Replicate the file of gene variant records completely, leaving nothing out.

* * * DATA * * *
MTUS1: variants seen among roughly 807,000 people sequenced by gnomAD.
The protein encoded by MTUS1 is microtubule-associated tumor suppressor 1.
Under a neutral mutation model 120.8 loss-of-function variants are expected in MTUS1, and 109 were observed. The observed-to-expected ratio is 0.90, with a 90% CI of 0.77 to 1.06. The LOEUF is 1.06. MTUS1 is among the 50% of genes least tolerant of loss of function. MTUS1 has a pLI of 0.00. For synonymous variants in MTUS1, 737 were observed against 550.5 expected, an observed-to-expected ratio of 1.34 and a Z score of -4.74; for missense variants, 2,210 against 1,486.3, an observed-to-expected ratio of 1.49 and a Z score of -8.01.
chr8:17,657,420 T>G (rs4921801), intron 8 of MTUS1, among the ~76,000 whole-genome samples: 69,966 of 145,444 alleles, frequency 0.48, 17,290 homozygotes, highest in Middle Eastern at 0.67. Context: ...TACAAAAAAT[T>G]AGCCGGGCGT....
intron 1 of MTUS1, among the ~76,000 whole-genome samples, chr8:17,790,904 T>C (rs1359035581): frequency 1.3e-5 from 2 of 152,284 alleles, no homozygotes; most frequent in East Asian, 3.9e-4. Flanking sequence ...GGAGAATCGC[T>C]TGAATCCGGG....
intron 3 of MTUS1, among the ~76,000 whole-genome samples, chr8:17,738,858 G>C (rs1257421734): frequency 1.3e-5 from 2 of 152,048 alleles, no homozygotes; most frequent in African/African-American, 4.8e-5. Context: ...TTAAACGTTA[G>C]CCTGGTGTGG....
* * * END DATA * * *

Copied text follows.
MTUS1: variants seen among roughly 807,000 people sequenced by gnomAD.
The protein encoded by MTUS1 is microtubule-associated tumor suppressor 1.
Under a neutral mutation model 120.8 loss-of-function variants are expected in MTUS1, and 109 were observed. The observed-to-expected ratio is 0.90, with a 90% CI of 0.77 to 1.06. The LOEUF is 1.06. MTUS1 is among the 50% of genes least tolerant of loss of function. MTUS1 has a pLI of 0.00. For synonymous variants in MTUS1, 737 were observed against 550.5 expected, an observed-to-expected ratio of 1.34 and a Z score of -4.74; for missense variants, 2,210 against 1,486.3, an observed-to-expected ratio of 1.49 and a Z score of -8.01.
chr8:17,657,420 T>G (rs4921801), intron 8 of MTUS1, among the ~76,000 whole-genome samples: 69,966 of 145,444 alleles, frequency 0.48, 17,290 homozygotes, highest in Middle Eastern at 0.67. Context: ...TACAAAAAAT[T>G]AGCCGGGCGT....
intron 1 of MTUS1, among the ~76,000 whole-genome samples, chr8:17,790,904 T>C (rs1359035581): frequency 1.3e-5 from 2 of 152,284 alleles, no homozygotes; most frequent in East Asian, 3.9e-4. Flanking sequence ...GGAGAATCGC[T>C]TGAATCCGGG....
intron 3 of MTUS1, among the ~76,000 whole-genome samples, chr8:17,738,858 G>C (rs1257421734): frequency 1.3e-5 from 2 of 152,048 alleles, no homozygotes; most frequent in African/African-American, 4.8e-5. Context: ...TTAAACGTTA[G>C]CCTGGTGTGG....